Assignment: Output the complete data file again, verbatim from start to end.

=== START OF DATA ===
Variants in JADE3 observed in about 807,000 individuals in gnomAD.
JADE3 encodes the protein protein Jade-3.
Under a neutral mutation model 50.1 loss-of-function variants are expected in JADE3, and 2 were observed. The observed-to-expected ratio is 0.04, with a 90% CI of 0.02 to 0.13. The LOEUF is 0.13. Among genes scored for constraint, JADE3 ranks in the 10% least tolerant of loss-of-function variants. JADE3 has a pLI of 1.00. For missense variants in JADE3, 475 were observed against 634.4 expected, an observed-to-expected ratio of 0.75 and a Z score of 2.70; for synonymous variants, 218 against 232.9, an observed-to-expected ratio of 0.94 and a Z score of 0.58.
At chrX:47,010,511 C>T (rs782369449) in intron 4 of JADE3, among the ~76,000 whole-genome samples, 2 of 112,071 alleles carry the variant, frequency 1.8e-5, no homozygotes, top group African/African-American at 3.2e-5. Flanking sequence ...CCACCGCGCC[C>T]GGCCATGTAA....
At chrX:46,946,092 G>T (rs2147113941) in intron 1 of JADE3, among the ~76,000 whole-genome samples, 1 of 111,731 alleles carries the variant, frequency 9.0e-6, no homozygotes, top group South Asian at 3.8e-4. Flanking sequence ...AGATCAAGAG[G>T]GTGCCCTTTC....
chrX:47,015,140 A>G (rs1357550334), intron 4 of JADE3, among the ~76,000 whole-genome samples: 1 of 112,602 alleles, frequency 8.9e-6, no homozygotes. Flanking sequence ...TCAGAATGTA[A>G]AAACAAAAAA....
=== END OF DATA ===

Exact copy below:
Variants in JADE3 observed in about 807,000 individuals in gnomAD.
JADE3 encodes the protein protein Jade-3.
Under a neutral mutation model 50.1 loss-of-function variants are expected in JADE3, and 2 were observed. The observed-to-expected ratio is 0.04, with a 90% CI of 0.02 to 0.13. The LOEUF is 0.13. Among genes scored for constraint, JADE3 ranks in the 10% least tolerant of loss-of-function variants. JADE3 has a pLI of 1.00. For missense variants in JADE3, 475 were observed against 634.4 expected, an observed-to-expected ratio of 0.75 and a Z score of 2.70; for synonymous variants, 218 against 232.9, an observed-to-expected ratio of 0.94 and a Z score of 0.58.
At chrX:47,010,511 C>T (rs782369449) in intron 4 of JADE3, among the ~76,000 whole-genome samples, 2 of 112,071 alleles carry the variant, frequency 1.8e-5, no homozygotes, top group African/African-American at 3.2e-5. Flanking sequence ...CCACCGCGCC[C>T]GGCCATGTAA....
At chrX:46,946,092 G>T (rs2147113941) in intron 1 of JADE3, among the ~76,000 whole-genome samples, 1 of 111,731 alleles carries the variant, frequency 9.0e-6, no homozygotes, top group South Asian at 3.8e-4. Flanking sequence ...AGATCAAGAG[G>T]GTGCCCTTTC....
chrX:47,015,140 A>G (rs1357550334), intron 4 of JADE3, among the ~76,000 whole-genome samples: 1 of 112,602 alleles, frequency 8.9e-6, no homozygotes. Flanking sequence ...TCAGAATGTA[A>G]AAACAAAAAA....